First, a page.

The borough established a Historical Review Board in 1972, but it did not have any legal authority because the ordinance establishing the group was not based on Pennsylvania's Act 167. In the 1970s, the Chestnut Street Friends Meeting House in downtown West Chester was torn down and replaced with a parking lot. This galvanized residents. In the early 1980s, the owner of the Warner Theater, an Art Deco movie palace that sat 1,600 people, wanted to tear the building down. The borough unsuccessfully tried to deny the demolition application. When the town lost the Warner Theater, local residents were again very upset. Suddenly, the political climate changed, and there was more support for adopting Historic Architectural Review Board (HARB) regulations. One important step was showing the elected officials that a historic district was economically beneficial, instead of an onerous regulation.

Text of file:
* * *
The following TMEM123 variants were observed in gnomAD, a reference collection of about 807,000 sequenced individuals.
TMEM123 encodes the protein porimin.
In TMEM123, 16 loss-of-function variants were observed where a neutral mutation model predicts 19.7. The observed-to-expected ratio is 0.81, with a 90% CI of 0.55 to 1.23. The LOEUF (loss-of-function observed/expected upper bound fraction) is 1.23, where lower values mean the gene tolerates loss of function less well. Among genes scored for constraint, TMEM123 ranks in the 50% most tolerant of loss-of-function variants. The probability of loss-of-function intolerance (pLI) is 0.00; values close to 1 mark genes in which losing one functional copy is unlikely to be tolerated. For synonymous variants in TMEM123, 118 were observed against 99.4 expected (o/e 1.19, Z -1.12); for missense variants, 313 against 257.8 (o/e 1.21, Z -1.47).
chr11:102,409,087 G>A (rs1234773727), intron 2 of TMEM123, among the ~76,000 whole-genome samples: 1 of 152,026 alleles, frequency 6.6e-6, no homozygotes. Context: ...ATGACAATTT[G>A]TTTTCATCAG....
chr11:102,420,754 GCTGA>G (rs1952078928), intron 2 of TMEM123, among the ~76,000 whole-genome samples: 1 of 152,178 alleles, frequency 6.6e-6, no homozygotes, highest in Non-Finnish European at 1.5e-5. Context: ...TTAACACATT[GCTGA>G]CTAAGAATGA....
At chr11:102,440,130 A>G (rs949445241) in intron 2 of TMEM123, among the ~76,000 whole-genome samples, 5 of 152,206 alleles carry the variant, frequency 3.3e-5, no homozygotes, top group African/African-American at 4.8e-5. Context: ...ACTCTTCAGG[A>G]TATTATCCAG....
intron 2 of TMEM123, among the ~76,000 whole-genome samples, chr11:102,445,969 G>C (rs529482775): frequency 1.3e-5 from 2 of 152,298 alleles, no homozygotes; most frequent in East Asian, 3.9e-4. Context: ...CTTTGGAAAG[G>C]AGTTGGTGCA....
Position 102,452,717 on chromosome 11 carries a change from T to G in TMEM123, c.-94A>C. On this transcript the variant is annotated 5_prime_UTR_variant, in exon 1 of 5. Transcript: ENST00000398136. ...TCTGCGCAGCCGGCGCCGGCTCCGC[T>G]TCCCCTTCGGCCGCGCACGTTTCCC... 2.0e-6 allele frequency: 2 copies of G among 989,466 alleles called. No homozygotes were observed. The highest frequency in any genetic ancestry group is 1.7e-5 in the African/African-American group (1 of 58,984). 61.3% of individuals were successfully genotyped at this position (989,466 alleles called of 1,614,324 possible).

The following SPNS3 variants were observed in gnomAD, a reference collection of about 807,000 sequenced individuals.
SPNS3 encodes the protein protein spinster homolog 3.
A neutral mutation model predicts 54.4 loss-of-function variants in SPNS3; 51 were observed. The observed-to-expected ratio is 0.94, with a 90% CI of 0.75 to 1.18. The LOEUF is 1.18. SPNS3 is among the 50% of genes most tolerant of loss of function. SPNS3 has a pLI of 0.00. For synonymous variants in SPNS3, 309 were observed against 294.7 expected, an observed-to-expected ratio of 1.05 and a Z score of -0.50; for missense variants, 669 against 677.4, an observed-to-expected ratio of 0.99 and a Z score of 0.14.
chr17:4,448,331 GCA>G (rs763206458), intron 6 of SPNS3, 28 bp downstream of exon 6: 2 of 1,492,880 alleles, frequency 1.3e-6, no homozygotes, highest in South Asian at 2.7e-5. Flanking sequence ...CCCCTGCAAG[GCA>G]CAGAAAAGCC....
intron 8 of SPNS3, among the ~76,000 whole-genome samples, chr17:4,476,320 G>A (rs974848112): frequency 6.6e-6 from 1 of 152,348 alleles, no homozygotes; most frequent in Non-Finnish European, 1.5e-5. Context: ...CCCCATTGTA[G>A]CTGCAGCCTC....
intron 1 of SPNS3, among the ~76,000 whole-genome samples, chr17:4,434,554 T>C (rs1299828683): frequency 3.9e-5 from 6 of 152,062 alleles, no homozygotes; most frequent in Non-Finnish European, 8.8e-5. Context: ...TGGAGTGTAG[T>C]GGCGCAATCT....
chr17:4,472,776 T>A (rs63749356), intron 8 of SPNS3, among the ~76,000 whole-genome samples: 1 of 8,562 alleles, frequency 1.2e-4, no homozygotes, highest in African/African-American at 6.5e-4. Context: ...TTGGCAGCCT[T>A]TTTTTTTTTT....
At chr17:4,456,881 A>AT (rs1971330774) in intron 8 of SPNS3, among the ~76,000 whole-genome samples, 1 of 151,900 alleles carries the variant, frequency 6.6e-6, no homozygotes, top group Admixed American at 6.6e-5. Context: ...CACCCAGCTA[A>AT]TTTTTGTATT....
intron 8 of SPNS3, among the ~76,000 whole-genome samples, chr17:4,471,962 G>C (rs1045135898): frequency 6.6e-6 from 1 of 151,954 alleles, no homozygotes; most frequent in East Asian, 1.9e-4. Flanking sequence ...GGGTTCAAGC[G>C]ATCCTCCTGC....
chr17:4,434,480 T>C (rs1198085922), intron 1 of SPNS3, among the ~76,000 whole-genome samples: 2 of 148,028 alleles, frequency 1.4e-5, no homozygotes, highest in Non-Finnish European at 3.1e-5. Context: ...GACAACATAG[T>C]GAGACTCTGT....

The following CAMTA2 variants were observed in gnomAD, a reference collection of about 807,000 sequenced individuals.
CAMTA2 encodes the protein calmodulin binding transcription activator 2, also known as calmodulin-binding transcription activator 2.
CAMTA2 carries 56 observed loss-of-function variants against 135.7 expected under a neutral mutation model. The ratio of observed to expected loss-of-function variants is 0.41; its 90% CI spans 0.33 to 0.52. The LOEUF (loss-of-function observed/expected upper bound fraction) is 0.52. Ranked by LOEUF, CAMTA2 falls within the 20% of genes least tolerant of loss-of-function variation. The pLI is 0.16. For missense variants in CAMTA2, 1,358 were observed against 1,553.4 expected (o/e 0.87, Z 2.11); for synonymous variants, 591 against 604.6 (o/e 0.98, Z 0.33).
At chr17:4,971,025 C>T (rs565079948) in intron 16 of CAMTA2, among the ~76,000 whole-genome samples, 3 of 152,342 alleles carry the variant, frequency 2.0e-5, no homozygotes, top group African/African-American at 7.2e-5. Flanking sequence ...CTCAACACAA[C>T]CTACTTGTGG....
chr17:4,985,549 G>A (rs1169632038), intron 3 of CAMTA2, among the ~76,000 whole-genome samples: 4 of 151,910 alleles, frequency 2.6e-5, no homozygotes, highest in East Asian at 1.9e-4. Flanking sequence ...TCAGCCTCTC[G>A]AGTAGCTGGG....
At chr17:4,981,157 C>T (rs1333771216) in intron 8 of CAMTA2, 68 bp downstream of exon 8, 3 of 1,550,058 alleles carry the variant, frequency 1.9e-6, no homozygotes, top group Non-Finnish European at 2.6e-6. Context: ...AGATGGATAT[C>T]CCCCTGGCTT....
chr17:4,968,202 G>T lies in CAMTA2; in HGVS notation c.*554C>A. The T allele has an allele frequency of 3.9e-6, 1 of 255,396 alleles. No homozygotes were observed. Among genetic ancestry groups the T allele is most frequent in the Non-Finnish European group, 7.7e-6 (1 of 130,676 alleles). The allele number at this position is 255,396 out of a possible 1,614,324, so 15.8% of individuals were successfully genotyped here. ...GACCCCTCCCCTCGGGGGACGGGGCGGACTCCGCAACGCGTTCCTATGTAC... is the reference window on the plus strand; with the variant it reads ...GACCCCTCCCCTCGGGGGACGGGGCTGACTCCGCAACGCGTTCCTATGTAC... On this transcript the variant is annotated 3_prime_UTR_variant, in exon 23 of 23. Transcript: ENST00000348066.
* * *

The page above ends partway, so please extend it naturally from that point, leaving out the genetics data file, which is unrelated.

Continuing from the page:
In the early 1980s, the Chamber of Commerce gave a grant to a planning firm to nominate West Chester's Business District to the National Register. The district was listed on the register in 1984. Between 1986 and 1988, when the borough was rewriting its zoning code, it used the National Register district boundaries to create a local historic district in compliance with Pennsylvania's 1961 Historic District Act (Act 167).

Most of the West Chester's HARB properties are commercial buildings, and only a few are residential. As a result, Mike Perrone, West Chester's Zoning Officer since 1986, says, "Ninety percent of the time, HARB applications deal with signs and awnings."